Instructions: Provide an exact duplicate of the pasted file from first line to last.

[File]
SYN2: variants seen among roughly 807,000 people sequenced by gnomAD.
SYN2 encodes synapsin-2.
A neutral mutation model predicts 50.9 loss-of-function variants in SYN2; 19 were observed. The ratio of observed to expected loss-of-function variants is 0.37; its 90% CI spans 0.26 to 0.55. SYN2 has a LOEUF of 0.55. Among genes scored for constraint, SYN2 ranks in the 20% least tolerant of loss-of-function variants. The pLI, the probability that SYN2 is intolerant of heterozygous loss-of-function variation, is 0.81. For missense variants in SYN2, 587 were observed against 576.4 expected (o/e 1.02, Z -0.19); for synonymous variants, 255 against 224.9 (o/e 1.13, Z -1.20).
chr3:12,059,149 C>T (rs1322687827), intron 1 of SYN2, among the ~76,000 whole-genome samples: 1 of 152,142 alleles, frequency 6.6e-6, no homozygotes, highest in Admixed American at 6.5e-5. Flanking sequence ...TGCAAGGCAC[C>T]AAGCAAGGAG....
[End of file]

SYN2: variants seen among roughly 807,000 people sequenced by gnomAD.
SYN2 encodes synapsin-2.
A neutral mutation model predicts 50.9 loss-of-function variants in SYN2; 19 were observed. The ratio of observed to expected loss-of-function variants is 0.37; its 90% CI spans 0.26 to 0.55. SYN2 has a LOEUF of 0.55. Among genes scored for constraint, SYN2 ranks in the 20% least tolerant of loss-of-function variants. The pLI, the probability that SYN2 is intolerant of heterozygous loss-of-function variation, is 0.81. For missense variants in SYN2, 587 were observed against 576.4 expected (o/e 1.02, Z -0.19); for synonymous variants, 255 against 224.9 (o/e 1.13, Z -1.20).
chr3:12,059,149 C>T (rs1322687827), intron 1 of SYN2, among the ~76,000 whole-genome samples: 1 of 152,142 alleles, frequency 6.6e-6, no homozygotes, highest in Admixed American at 6.5e-5. Flanking sequence ...TGCAAGGCAC[C>T]AAGCAAGGAG....